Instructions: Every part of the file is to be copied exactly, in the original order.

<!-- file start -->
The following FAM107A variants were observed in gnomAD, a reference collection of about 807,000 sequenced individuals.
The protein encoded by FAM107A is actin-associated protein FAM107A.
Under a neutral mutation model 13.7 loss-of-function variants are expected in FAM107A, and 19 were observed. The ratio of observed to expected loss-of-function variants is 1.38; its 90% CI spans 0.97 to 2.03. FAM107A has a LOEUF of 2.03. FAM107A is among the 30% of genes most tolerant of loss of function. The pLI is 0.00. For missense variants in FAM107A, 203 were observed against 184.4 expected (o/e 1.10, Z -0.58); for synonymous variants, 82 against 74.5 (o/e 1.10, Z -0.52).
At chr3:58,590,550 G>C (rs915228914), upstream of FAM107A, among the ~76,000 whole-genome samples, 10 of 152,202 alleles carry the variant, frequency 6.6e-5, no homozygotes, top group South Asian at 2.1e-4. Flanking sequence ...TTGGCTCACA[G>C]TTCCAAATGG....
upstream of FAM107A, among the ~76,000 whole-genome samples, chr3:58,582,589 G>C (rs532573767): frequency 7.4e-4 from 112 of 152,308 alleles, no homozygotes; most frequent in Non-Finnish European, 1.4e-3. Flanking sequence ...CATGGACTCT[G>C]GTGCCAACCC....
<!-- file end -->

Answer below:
The following FAM107A variants were observed in gnomAD, a reference collection of about 807,000 sequenced individuals.
The protein encoded by FAM107A is actin-associated protein FAM107A.
Under a neutral mutation model 13.7 loss-of-function variants are expected in FAM107A, and 19 were observed. The ratio of observed to expected loss-of-function variants is 1.38; its 90% CI spans 0.97 to 2.03. FAM107A has a LOEUF of 2.03. FAM107A is among the 30% of genes most tolerant of loss of function. The pLI is 0.00. For missense variants in FAM107A, 203 were observed against 184.4 expected (o/e 1.10, Z -0.58); for synonymous variants, 82 against 74.5 (o/e 1.10, Z -0.52).
At chr3:58,590,550 G>C (rs915228914), upstream of FAM107A, among the ~76,000 whole-genome samples, 10 of 152,202 alleles carry the variant, frequency 6.6e-5, no homozygotes, top group South Asian at 2.1e-4. Flanking sequence ...TTGGCTCACA[G>C]TTCCAAATGG....
upstream of FAM107A, among the ~76,000 whole-genome samples, chr3:58,582,589 G>C (rs532573767): frequency 7.4e-4 from 112 of 152,308 alleles, no homozygotes; most frequent in Non-Finnish European, 1.4e-3. Flanking sequence ...CATGGACTCT[G>C]GTGCCAACCC....